In the early 1970s, EQT performed free concerts in Piedmont Park in Atlanta with The Allman Brothers Band. EQT also performed with, among others, Little Walter, Ted Nugent, B.B. King (whom Tommy loaned an amplifier to at a concert in New York City in ’73), Johnny Winter, Wet Willie, Dr. John, Tony Joe White, Lynyrd Skynyrd, Papa John Creach, REO Speedwagon and YES.

In 1972 EQT’s second album “Drinking Man’s Friend” was released on the Capricorn label with producer Paul Hornsby (Marshall Tucker Band – Charlie Daniels Band). Eric Quincy Tate made its third release in 1975 on GRC Records in Atlanta, produced by Sonny Limbo and EQT. The GRC release was a split release; the (A) side of the LP was studio recorded and the (B) side was recorded live at the Chattahoochee River Raft Race. The live side captured EQT in their natural state, spontaneous and loaded with energy. During the GRC period, Tommy Carlisle had taken a leave from the band and Wayne “Bear” Sauls took over as the primary guitarist.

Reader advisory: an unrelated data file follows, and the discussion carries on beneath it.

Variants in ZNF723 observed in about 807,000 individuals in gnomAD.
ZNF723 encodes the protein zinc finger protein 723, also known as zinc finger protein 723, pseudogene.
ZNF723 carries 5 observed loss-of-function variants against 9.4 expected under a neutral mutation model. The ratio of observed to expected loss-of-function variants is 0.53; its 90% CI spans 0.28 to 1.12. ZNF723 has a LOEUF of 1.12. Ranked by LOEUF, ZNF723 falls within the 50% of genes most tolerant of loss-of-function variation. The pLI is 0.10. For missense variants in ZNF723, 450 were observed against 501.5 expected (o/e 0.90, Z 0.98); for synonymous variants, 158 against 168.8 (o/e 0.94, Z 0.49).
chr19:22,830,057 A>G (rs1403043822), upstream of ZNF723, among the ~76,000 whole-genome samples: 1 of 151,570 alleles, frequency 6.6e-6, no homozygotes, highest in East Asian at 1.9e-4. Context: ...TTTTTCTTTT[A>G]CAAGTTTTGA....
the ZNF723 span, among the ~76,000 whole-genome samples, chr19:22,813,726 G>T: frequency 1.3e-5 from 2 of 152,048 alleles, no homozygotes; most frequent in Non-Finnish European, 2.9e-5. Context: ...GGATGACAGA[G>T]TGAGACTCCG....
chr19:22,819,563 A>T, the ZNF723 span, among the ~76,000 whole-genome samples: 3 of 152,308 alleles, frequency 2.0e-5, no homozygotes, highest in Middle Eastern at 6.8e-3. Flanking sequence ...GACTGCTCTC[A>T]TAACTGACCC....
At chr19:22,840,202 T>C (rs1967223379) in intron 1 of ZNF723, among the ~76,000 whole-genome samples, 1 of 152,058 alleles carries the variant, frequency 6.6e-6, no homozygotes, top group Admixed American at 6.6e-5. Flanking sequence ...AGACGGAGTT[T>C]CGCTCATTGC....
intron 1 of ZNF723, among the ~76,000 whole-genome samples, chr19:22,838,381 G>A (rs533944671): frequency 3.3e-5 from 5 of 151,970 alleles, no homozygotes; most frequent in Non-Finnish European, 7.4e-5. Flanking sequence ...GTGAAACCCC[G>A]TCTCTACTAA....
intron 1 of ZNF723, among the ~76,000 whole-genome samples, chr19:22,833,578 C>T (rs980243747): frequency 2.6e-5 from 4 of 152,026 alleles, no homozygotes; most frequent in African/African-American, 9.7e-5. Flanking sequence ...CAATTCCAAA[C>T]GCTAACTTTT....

In 1976 EQT released “Can’t Keep A Good Band Down” recorded live at The Whipping Post in Augusta, GA, with Sonny Limbo producing in association with Atlanta music icon Bill Lowery. Tommy left the band and went on tour in 1978 with “The Back Alley Bandits” (London Records producer Chips Moman).